For those of you unfamiliar with kaleidoscope education, kaleidoscope is a hands on learning that is especially useful for children with emotional, physical, or mental difficulties. During those first three months, I learned a lot from certified teachers how best to handle children who are throwing fits, sensory children, and more. I found that my disciplinarian side was easier manageable with pre-k children compared to high school teens. In December, I went through two mini promotions, and I believe that God/the Universe was guiding me to where I needed to be. I’ve been driving our daycare’s van to pick-up children since December (going on 6 months now) from their elementary schools and then I was moved from working with pre-k children to kindergarten!I sometimes miss the ease of life with pre-k children but I have had more fun working with these 18 kindergarten children. I started teaching after school with these kindergarten children in January and three weeks into the job, I was mini-promoted (no change in pay, which I’m not complaining about) to lead teacher.

The teachers who work with me, have helped me learn how to experiment and improve on various classroom techniques. And, we’ve found some methods that work and other’s that don’t. One of my favorite things to do with both pre-k and kindergarten kids, is teaching them how to read and write. As an English-Writing major, this is fundamental to what makes me happy; as well as how to read and perform music.

I mentioned that where I work is part of a church: I’ve written my history with churches and growing up active in one (thanks to my grandmother being a pastor herself), working in churches has always been a safe place for me. Part of our after school program this semester began to incorporate bible lessons and I’ve had fun helping lead those discussions. Once, I brought in a recycling craft and my kids loved it! ❤ Also, Pinterest is a lovely place to find lesson plans and such for churches and schools.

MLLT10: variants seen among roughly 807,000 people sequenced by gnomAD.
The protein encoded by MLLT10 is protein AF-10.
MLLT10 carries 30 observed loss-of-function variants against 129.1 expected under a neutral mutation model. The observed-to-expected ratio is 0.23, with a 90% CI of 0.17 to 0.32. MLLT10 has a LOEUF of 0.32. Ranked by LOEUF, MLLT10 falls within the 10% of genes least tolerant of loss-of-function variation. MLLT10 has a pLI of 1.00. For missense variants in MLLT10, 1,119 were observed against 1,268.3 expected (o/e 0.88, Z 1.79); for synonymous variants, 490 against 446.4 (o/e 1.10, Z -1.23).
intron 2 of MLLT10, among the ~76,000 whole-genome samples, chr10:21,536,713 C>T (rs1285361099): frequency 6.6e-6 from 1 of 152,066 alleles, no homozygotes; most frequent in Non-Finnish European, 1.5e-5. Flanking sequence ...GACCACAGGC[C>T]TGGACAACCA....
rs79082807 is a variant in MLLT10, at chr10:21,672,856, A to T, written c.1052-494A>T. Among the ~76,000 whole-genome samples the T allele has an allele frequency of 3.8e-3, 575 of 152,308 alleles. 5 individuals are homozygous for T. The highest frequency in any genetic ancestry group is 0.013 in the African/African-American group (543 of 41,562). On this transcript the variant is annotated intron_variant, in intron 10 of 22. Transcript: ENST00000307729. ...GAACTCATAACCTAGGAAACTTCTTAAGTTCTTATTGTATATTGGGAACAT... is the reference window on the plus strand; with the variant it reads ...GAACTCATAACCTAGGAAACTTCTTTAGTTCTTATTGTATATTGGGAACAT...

The local school district has nine school days left and then I’ll have a week break from work. I’ll be visiting family during Memorial Day in Texas and that week off will be wonderful. That week off will help me rest before the summer starts.

For the summer, the daycare transitions to a full day camp and in a week or two, I will be officially CPR/First Aid certified. I’ve been wanting this certification for at least three years now, and I”m just glad I’ll get to finally be certified. Since I won’t be in summer school, the goal is to work full-time during this camp season.

I’ll still be driving the vans to some of our trip locations but I’m still waiting to hear what my official schedule will be starting June 3rd.I mentioned mental health. Somehow, working with children does’t take as much of a toll on me as does food or retail. In food and retail, I have set rules and things I have to do. In a classroom, I still have those rules but can navigate and bargain and still be ahead of the original goal.

Thanks for reading today’s post! On Wednesday, I plan on writing a third part of this teaching series. I might post an extra photo on Friday, since I missed last Friday’s deadline. For those teachers who are wrapping up the school year, keep on pushing through!

2 thoughts on “Part Two: Teaching”